Palate: Creamy and sweet on opening. The vanilla fudge sweetness is here, but gives way to rye spice and herbal and mineral notes along with rye heat and spirit heat on the expansion. The spirit heat moment at the mid-palate is why VO is typically used as a mixer - but frankly this sips quite nicely as a Canadian blend with all the classic aspects of the Canadian whisky flavor signature. The turn to the finish is asserts a slight astringency and ushers in the flavors of grapefruit peel pith that wax sweet and creamy again in the moderately short finish. It's surprisingly sippable for the price. On the whole, I was impressed. I was expecting a 2 star mixer but on the balance I'd say it's a 3 star entry level sipper.
Seagram's V.O. 43.4% abv. 1965-19716 years old. Amherstberg, with some components perhaps coming from Waterloo, Ontario. No proof statement on the bottle. Also, interestingly, no volume statement either.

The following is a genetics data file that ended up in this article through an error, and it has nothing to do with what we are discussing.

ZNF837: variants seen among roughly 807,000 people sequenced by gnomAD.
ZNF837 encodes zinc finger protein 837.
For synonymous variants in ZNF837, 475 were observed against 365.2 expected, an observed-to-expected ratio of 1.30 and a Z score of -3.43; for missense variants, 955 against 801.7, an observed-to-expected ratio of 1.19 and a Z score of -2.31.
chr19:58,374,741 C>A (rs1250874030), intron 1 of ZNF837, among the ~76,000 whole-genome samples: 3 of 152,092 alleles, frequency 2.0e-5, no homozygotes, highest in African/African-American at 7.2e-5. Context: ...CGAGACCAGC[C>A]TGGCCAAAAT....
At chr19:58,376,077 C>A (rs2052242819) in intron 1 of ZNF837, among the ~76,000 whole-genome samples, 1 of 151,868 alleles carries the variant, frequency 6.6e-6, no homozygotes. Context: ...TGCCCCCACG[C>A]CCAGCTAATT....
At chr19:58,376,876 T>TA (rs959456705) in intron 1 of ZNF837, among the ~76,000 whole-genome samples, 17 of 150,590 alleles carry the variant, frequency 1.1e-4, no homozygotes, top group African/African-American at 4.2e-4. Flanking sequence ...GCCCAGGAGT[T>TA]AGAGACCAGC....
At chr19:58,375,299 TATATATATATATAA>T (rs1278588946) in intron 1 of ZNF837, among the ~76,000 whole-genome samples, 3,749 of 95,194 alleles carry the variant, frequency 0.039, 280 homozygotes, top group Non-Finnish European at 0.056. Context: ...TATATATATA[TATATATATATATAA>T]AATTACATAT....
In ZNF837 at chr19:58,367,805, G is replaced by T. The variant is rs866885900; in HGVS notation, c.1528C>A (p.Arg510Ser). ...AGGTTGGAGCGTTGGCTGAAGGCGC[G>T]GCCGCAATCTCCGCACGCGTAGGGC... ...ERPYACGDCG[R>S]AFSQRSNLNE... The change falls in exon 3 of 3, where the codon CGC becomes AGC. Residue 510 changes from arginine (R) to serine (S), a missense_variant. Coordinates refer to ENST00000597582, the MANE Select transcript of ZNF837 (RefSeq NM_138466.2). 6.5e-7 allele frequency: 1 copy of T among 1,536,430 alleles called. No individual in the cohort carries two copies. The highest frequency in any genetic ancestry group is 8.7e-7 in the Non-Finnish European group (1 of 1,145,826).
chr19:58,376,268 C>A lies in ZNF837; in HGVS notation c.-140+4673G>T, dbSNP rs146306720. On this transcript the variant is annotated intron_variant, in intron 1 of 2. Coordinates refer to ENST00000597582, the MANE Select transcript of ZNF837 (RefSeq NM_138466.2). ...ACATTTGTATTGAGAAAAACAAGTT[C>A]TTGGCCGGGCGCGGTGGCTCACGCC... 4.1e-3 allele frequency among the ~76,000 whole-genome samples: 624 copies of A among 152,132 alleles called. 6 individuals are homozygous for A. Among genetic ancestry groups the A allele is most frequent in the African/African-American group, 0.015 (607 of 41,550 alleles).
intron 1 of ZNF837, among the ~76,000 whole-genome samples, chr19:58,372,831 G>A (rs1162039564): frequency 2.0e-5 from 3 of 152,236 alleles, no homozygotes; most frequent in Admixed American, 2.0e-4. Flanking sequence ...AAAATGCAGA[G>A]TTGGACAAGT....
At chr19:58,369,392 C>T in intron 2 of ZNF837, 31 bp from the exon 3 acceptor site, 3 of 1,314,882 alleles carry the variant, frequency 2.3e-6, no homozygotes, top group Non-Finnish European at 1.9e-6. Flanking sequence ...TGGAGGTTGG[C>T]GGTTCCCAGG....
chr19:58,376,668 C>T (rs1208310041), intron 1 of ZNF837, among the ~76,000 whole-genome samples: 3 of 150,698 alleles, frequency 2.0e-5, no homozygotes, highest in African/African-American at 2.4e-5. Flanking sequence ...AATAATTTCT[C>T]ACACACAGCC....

Color: pale gold
Nose: Sharper, with a clear sweet vanilla floral opening. Deeper there are notes of fruity bitter hops and classic herbal rye sweet and spice notes. The extra proof is readily apparent in the nose too: spirit burn.
Palate: The entry is sweet, with cream and cereal sugars, but is much drier than the vanilla fudge opening in the current version. Rye shows up as floral herbal flavors of rye grain and, cilantro and cut ivy. Herbal rye with some real intensity and chili scented spicy kick are all over the mid-palate too, which carries some of the effervescent mouth feel you get with pure rye whiskies. There is the hops-like bitterness of rye's turn melding into the fruity bitter grapefruit pith flavor note. The bitterness hangs on with sharpness and vividness through the rather long finish.
This is a different animal; one much closer to a high end rye whisky. The flavors are vivid. Well delineated and embedded in a matrix of rye and corn that balance sweetness and dryness. The main rap is that it's hot - but that's tot unusual for good rye whiskies.. But this is clearly a sipper and pretty nice one.
If there's no proof statement, how do I know the 1971 example is 86.8 proof? Ads for V.O. show 86.8 proof at least through 1985. The lowering of the proof happened after that - probably in the 90s. As evidence I'll leave you with this lovely 1973 ad which displays 86.8 proof and helps put this bottling in a cultural context: